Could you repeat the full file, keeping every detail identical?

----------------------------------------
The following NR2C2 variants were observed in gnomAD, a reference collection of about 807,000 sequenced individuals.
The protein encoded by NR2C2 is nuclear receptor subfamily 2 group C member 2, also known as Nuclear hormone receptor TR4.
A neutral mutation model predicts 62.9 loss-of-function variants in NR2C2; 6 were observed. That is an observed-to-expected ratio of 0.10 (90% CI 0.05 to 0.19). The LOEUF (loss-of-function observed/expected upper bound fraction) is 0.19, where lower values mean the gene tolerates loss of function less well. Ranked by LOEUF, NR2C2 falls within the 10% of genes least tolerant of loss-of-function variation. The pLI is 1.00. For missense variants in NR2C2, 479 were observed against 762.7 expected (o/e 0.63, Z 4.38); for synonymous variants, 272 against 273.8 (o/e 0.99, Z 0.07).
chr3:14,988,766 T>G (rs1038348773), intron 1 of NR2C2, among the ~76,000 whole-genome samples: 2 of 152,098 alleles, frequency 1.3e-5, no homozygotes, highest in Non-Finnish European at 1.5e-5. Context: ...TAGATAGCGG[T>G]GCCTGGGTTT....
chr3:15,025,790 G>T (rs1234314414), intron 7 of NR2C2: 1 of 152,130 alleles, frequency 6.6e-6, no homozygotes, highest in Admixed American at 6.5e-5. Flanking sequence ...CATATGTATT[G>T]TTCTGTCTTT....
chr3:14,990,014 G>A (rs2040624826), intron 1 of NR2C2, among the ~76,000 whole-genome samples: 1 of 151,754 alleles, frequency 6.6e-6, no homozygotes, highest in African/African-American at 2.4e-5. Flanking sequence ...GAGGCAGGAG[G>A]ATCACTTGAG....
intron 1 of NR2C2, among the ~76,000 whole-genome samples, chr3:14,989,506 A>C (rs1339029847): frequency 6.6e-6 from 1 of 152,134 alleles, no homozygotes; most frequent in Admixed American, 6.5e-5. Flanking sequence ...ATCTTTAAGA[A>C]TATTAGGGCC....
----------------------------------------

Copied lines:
The following NR2C2 variants were observed in gnomAD, a reference collection of about 807,000 sequenced individuals.
The protein encoded by NR2C2 is nuclear receptor subfamily 2 group C member 2, also known as Nuclear hormone receptor TR4.
A neutral mutation model predicts 62.9 loss-of-function variants in NR2C2; 6 were observed. That is an observed-to-expected ratio of 0.10 (90% CI 0.05 to 0.19). The LOEUF (loss-of-function observed/expected upper bound fraction) is 0.19, where lower values mean the gene tolerates loss of function less well. Ranked by LOEUF, NR2C2 falls within the 10% of genes least tolerant of loss-of-function variation. The pLI is 1.00. For missense variants in NR2C2, 479 were observed against 762.7 expected (o/e 0.63, Z 4.38); for synonymous variants, 272 against 273.8 (o/e 0.99, Z 0.07).
chr3:14,988,766 T>G (rs1038348773), intron 1 of NR2C2, among the ~76,000 whole-genome samples: 2 of 152,098 alleles, frequency 1.3e-5, no homozygotes, highest in Non-Finnish European at 1.5e-5. Context: ...TAGATAGCGG[T>G]GCCTGGGTTT....
chr3:15,025,790 G>T (rs1234314414), intron 7 of NR2C2: 1 of 152,130 alleles, frequency 6.6e-6, no homozygotes, highest in Admixed American at 6.5e-5. Flanking sequence ...CATATGTATT[G>T]TTCTGTCTTT....
chr3:14,990,014 G>A (rs2040624826), intron 1 of NR2C2, among the ~76,000 whole-genome samples: 1 of 151,754 alleles, frequency 6.6e-6, no homozygotes, highest in African/African-American at 2.4e-5. Flanking sequence ...GAGGCAGGAG[G>A]ATCACTTGAG....
intron 1 of NR2C2, among the ~76,000 whole-genome samples, chr3:14,989,506 A>C (rs1339029847): frequency 6.6e-6 from 1 of 152,134 alleles, no homozygotes; most frequent in Admixed American, 6.5e-5. Flanking sequence ...ATCTTTAAGA[A>C]TATTAGGGCC....